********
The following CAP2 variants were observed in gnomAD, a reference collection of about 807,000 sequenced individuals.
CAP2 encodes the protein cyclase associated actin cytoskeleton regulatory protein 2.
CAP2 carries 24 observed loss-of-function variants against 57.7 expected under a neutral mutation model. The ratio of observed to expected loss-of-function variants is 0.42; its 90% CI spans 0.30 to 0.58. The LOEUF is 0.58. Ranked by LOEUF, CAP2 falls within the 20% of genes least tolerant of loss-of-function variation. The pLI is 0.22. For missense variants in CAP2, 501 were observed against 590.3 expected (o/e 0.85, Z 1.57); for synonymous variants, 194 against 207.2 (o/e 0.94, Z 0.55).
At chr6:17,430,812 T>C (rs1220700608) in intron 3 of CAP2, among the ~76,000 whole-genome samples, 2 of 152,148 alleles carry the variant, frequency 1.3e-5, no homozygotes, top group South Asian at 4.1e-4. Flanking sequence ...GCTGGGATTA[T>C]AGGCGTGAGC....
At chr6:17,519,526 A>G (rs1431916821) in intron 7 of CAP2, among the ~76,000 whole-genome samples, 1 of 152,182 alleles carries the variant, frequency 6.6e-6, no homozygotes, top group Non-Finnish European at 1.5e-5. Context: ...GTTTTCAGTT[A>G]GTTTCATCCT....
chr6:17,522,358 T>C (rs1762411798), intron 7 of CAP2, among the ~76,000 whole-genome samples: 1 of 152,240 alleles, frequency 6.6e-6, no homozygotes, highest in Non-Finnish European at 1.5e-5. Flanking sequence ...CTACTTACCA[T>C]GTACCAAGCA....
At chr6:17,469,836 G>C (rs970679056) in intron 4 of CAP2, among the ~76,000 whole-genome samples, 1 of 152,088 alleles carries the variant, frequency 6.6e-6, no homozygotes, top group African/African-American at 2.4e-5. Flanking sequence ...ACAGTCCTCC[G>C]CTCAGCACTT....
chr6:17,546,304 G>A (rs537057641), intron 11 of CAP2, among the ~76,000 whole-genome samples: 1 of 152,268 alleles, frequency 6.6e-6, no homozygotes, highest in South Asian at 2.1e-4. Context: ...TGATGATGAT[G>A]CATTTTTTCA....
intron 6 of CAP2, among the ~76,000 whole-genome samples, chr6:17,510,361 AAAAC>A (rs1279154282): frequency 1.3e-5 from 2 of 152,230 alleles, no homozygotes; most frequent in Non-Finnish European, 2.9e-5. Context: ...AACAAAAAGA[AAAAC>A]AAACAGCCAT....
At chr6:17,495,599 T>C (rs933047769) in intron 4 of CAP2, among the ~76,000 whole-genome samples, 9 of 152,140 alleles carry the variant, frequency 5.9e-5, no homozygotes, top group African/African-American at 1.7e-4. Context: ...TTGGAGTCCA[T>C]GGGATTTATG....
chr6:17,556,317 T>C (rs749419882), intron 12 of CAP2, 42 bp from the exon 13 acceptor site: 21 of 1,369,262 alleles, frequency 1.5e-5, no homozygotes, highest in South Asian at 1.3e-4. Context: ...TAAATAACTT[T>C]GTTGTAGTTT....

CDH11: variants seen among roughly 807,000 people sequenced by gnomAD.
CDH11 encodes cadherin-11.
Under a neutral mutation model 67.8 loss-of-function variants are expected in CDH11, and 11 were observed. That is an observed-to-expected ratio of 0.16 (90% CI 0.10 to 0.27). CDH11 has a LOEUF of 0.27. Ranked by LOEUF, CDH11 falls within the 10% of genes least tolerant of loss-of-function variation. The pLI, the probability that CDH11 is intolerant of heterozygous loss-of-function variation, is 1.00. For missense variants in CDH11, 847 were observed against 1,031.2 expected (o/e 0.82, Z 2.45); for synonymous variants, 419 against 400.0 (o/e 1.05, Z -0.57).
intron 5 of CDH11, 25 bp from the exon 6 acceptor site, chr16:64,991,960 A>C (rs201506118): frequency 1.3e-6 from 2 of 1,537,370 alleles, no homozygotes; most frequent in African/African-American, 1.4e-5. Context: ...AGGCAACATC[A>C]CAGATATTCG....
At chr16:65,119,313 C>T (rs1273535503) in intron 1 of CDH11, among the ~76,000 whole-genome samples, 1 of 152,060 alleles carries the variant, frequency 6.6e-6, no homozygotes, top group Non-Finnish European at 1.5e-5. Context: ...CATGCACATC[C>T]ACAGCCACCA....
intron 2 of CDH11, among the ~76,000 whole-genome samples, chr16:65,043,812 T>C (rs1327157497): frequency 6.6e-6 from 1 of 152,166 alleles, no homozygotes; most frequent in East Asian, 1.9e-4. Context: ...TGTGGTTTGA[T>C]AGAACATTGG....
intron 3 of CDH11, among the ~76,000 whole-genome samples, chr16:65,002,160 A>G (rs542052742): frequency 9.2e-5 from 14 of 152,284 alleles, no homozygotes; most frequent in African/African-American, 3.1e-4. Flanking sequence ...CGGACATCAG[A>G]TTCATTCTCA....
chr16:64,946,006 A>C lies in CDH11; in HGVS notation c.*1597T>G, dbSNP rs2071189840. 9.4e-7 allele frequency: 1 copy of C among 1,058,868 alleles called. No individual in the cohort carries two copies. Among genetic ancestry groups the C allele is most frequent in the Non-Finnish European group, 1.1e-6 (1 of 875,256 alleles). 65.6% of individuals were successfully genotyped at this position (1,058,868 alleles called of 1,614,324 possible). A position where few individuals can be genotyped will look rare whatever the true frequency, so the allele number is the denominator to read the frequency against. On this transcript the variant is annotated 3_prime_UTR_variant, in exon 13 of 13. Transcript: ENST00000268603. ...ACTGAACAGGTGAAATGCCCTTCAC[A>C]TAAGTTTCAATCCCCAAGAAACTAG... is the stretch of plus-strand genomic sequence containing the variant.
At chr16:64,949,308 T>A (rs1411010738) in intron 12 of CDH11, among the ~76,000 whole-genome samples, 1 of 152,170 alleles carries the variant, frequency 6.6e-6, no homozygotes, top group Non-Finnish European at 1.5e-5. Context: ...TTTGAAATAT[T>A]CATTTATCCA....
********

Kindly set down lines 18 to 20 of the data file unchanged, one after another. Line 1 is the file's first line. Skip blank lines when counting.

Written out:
intron 3 of CDH11, among the ~76,000 whole-genome samples, chr16:65,002,160 A>G (rs542052742): frequency 9.2e-5 from 14 of 152,284 alleles, no homozygotes; most frequent in African/African-American, 3.1e-4. Flanking sequence ...CGGACATCAG[A>G]TTCATTCTCA....
chr16:64,946,006 A>C lies in CDH11; in HGVS notation c.*1597T>G, dbSNP rs2071189840. 9.4e-7 allele frequency: 1 copy of C among 1,058,868 alleles called. No individual in the cohort carries two copies. Among genetic ancestry groups the C allele is most frequent in the Non-Finnish European group, 1.1e-6 (1 of 875,256 alleles). 65.6% of individuals were successfully genotyped at this position (1,058,868 alleles called of 1,614,324 possible). A position where few individuals can be genotyped will look rare whatever the true frequency, so the allele number is the denominator to read the frequency against. On this transcript the variant is annotated 3_prime_UTR_variant, in exon 13 of 13. Transcript: ENST00000268603. ...ACTGAACAGGTGAAATGCCCTTCAC[A>C]TAAGTTTCAATCCCCAAGAAACTAG... is the stretch of plus-strand genomic sequence containing the variant.
At chr16:64,949,308 T>A (rs1411010738) in intron 12 of CDH11, among the ~76,000 whole-genome samples, 1 of 152,170 alleles carries the variant, frequency 6.6e-6, no homozygotes, top group Non-Finnish European at 1.5e-5. Context: ...TTTGAAATAT[T>A]CATTTATCCA....